7 Poets to Know Beyond ‘The Tortured Poets’

Beyond Taylor Swift’s latest release, these are 7 literary legends you should know.

Taylor Swift's latest musical endeavour, "The Tortured Poets Department," marks her eleventh studio album. It dropped on April 19, courtesy of Republic Records. The announcement came during the 66th Annual Grammy Awards on February 4, right after Swift snagged the Best Pop Vocal Album award for her previous album, "Midnights" (2022).

Expanding on her initial plan, Swift turned "The Tortured Poets Department" into a double album, aptly subtitled "The Anthology," surprising fans with a second volume of songs. The album's genesis traces back to Swift's post-"Midnights" period, as she crafted it during her Eras Tour (2023–2024).

Swift called "The Tortured Poets Department" her "lifeline" album, a culmination of her essential songwriting, containing 31 songs across two volumes, with the opener "Fortnight" featuring Post Malone.

Swift has a well-earned reputation for her poetic and emotionally resonant lyrics. She weaves intricate narratives and personal confessions that resonate with a wide audience, making her one of the most influential songwriters of her generation.

Taylor Swift: The Storyteller in Music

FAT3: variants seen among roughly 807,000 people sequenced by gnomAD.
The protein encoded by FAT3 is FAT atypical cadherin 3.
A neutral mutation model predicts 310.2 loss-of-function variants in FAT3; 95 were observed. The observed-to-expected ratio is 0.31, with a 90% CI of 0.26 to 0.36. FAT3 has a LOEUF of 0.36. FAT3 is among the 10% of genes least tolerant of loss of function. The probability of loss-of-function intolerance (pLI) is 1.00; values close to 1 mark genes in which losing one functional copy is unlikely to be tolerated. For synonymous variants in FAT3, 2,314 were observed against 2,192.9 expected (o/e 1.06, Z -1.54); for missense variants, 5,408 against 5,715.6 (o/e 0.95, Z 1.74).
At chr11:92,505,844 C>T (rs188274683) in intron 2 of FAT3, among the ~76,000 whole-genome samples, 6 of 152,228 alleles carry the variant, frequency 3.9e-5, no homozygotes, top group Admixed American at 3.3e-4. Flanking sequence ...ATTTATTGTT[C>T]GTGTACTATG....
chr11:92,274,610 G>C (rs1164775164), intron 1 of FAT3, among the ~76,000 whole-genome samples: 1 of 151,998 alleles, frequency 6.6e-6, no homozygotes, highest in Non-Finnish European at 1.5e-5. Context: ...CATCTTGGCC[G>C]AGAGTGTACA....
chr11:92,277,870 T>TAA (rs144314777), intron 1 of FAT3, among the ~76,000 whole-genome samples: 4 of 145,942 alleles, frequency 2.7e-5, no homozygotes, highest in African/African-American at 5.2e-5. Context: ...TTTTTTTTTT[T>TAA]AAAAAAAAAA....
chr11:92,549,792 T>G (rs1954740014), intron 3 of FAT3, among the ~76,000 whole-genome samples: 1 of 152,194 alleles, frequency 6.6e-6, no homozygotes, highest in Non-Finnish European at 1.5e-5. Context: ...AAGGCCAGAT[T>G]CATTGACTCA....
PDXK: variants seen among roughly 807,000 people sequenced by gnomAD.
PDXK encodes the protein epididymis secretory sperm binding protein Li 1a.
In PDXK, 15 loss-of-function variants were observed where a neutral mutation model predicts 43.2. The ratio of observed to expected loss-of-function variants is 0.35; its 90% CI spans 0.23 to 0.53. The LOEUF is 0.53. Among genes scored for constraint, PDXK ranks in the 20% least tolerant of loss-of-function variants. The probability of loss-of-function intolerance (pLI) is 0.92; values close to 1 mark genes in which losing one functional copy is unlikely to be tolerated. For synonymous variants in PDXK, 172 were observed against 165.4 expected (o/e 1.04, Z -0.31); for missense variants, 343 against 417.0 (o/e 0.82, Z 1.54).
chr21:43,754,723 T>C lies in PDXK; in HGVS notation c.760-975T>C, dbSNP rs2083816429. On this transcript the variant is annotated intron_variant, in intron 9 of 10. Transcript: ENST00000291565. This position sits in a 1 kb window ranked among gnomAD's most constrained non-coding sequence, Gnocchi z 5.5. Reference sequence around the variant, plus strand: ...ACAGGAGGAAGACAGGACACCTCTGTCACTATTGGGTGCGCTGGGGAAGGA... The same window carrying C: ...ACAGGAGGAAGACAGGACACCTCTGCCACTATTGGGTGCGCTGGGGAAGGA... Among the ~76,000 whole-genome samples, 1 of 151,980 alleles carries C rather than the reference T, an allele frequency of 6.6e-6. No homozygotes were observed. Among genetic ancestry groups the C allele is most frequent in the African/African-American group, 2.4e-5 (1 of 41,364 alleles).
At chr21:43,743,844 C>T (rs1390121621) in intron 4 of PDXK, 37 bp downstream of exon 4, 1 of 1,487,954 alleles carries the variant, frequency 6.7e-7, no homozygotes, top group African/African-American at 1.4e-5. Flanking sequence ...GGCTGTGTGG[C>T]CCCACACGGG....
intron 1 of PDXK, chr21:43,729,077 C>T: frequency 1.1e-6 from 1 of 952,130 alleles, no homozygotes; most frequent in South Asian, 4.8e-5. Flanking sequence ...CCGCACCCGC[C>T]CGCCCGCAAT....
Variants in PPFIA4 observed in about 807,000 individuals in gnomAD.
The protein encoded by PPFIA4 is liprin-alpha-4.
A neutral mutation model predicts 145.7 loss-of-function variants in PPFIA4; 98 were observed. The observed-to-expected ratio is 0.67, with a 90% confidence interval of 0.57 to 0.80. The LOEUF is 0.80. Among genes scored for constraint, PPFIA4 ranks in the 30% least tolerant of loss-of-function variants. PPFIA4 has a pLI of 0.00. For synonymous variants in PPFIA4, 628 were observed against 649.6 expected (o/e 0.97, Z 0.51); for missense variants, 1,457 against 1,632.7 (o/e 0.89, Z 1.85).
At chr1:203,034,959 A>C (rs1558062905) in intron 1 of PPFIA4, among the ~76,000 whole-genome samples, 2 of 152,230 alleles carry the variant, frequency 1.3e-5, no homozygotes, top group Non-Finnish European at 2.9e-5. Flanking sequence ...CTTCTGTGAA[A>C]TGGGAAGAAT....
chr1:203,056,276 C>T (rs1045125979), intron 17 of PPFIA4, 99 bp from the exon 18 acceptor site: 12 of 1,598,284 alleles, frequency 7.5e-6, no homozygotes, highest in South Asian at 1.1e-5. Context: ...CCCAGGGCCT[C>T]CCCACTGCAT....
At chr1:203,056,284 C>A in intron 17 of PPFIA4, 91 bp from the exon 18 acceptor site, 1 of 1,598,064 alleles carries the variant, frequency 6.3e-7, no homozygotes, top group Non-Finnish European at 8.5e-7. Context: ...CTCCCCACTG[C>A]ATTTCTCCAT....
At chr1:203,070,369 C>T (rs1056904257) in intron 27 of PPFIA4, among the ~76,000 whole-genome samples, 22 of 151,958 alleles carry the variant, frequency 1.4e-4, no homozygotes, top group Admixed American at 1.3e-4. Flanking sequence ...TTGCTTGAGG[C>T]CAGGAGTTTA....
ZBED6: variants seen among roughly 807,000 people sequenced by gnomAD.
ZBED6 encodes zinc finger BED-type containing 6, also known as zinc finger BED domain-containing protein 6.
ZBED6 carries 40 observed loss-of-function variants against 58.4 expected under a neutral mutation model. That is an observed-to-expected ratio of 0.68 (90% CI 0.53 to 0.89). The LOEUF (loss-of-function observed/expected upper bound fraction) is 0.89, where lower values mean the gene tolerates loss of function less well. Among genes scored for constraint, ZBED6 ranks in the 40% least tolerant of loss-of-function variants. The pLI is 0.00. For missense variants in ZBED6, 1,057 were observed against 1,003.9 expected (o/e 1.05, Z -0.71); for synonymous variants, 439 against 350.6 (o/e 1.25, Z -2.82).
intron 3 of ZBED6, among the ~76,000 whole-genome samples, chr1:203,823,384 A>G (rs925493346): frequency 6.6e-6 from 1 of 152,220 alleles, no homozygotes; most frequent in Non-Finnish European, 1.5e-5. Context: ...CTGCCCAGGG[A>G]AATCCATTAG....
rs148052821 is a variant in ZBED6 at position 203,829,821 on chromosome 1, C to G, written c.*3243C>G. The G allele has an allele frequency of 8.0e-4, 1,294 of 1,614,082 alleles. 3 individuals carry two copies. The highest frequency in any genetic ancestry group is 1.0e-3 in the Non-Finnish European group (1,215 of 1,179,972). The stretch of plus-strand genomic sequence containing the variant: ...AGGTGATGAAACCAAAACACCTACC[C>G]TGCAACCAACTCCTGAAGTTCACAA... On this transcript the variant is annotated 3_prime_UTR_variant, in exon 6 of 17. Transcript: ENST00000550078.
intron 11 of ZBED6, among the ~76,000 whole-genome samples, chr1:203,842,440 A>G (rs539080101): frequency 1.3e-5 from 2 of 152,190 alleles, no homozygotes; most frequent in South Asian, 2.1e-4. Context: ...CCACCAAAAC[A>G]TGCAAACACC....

One of Swift's standout qualities is her ability to tell stories through her music. Her songs often feel like short stories or diary entries that reveal intimate details and emotional journeys. For example, "All Too Well" from her album Red is frequently lauded for its vivid storytelling and emotional depth, painting a detailed picture of a past relationship with imagery that feels both personal and universal.

Intertextuality and Swift’s Easter Eggs

Swift often includes intertextual references and Easter eggs in her lyrics, connecting songs across different albums and creating a 'Swiftian universe'. For instance, the recurring scarf motif in "All Too Well" is cleverly referenced in other tracks, which fans love to analyse and decode.

Imagery and Metaphor

Her use of imagery and metaphor can be heard in songs like "Cardigan" from her album Folklore. The lyrics of the song paint a nostalgic and bittersweet picture using symbolic elements like the cardigan as a representation of past love and comfort. The depth of imagery in her songwriting creates vivid scenes that stick with listeners long after the song ends.

Beyond ‘The Tortured Poets’: Exploring Literary Legends

While "The Tortured Poets Department" continues to make waves in the music world, let's shift our focus to the literary part by spotlighting 7 renowned poets whose works have created significant impacts on the literary world.

Patti Smith (1946-present) and Dylan Thomas (1914-1953)

Swift sings in “The Tortured Poets Department,” “I laughed in your face and said, ‘You’re not Dylan Thomas. I’m not Patti Smith. This ain’t the Chelsea Hotel. We’re modern idiots.”

The chorus of the title track of Taylor Swift’s 11th era album mentions two literary legends and one of the places that connects them: Patti Smith, Dylan Thomas, and the Chelsea Hotel.